Zubari bronze 248.88.
(photo credit: AP)
A year ago Shahar Zubari was anonymous, even in sporting circles. His resume includes Under-15 and Under-17 World Championship crowns, but only avid windsurfing fans had come across the 22-year-old's name before this year.
What a difference 12 months can make.
Zubari's first triumph of the year came in March's World Championships in which he claimed the bronze medal, but it was 10 days in August that propelled him from relative obscurity to a household name.
The Eilat-born surfer won the first race of the Neil Pryde windsurfing competition of the Beijing Olympics in Qingdao and never looked back.
It seemed that with every day that passed in China another medal favorite from team Israel disappointed, and by the second week of the games Zubari's skinny shoulders carried the hopes of the nation.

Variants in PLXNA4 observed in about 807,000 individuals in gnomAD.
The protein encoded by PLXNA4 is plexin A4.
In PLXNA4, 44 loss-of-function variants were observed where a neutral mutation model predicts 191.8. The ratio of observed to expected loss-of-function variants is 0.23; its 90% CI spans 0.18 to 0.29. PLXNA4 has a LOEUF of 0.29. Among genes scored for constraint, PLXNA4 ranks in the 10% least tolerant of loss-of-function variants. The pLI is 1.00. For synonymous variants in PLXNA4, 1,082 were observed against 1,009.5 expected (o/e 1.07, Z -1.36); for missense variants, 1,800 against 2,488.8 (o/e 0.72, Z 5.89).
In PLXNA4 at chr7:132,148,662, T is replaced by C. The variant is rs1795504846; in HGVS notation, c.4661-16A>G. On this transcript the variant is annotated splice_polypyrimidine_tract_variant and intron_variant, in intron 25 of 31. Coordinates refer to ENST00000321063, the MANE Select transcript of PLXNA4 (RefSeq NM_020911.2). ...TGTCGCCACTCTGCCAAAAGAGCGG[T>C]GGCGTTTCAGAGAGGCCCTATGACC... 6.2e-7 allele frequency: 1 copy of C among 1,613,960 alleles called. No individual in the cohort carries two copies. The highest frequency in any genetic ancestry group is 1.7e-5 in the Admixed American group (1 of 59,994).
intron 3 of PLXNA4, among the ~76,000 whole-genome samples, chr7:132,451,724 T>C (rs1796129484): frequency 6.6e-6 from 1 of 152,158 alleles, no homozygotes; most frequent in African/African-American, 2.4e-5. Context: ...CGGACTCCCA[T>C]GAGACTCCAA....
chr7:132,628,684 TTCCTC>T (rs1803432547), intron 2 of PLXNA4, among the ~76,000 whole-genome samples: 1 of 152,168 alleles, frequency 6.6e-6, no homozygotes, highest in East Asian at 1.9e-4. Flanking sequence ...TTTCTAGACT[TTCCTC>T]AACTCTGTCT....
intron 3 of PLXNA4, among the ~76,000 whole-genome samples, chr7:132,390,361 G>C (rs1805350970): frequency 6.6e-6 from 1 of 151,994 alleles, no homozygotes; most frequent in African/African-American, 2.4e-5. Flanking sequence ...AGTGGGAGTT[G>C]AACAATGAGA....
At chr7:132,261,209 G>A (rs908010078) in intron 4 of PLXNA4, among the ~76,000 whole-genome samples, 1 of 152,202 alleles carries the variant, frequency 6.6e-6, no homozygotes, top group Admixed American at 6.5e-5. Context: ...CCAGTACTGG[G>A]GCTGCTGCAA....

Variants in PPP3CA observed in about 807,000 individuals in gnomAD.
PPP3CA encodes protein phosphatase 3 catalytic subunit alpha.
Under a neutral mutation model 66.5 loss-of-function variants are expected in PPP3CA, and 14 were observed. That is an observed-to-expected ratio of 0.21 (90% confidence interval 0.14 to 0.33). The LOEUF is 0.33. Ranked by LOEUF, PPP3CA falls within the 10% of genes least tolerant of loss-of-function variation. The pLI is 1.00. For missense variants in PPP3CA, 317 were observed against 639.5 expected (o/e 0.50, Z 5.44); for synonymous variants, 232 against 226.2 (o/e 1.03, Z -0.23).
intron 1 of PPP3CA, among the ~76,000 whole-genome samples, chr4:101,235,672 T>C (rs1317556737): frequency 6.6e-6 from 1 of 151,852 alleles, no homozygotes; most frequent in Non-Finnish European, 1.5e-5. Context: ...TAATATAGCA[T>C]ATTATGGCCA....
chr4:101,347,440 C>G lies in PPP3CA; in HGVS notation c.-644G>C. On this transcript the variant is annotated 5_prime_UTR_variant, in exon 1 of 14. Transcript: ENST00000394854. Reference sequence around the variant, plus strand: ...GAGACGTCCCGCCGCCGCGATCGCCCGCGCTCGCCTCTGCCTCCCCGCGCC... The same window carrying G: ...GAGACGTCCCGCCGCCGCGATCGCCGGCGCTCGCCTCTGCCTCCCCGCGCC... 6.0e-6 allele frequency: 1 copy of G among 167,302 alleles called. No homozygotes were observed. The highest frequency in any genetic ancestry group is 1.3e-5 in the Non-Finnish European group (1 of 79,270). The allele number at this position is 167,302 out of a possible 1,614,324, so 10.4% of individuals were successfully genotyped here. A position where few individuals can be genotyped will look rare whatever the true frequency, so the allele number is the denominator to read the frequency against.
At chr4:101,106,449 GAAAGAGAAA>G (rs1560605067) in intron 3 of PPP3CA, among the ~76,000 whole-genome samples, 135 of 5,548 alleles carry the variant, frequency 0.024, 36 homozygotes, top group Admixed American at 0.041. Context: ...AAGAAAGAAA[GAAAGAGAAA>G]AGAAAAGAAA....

Pressure is, however, a word which doesn't appear in his lexicon, and despite entering the final race of the competition in fourth position, the surfer recorded the result he needed to win his country's only medal.
By winning a medal and ensuring that this summer's Olympics wouldn't go down as the country's worst in 20 years, Zubari secured his place in sporting history books and guaranteed himself celebrity an Olympian can only achieve by winning a medal.
Being a windsurfer, however, means that only more extraordinary success will prevent Zubari from returning to his former anonymity, or as Napoleon Bonaparte put it: "Glory is fleeting, but obscurity is forever."
Only Gal Fridman won an Olympic medal at a younger age than Zubari. He was just 21 when he claimed the windsurfing bronze at the 1996 Atlanta Games, and Zubari has much to learn from his counterpart's experiences.
Fridman may have claimed the country's only Olympic gold medal to date in 2004, but following his first medal triumph he suffered a dramatic drop in form and failed to qualify for the 2000 Sydney Games.
After peaking so young, he struggled to adapt to his new-found stardom and had to wait eight years before he returned to the Olympics.
Zubari beat out Fridman for a place in Beijing and after claiming the bronze is quite clearly his successor.
His biggest challenge now, however, will be to avoid a repeat of Fridman's mistakes after Atlanta and build on his early success rather than flop as a result of it.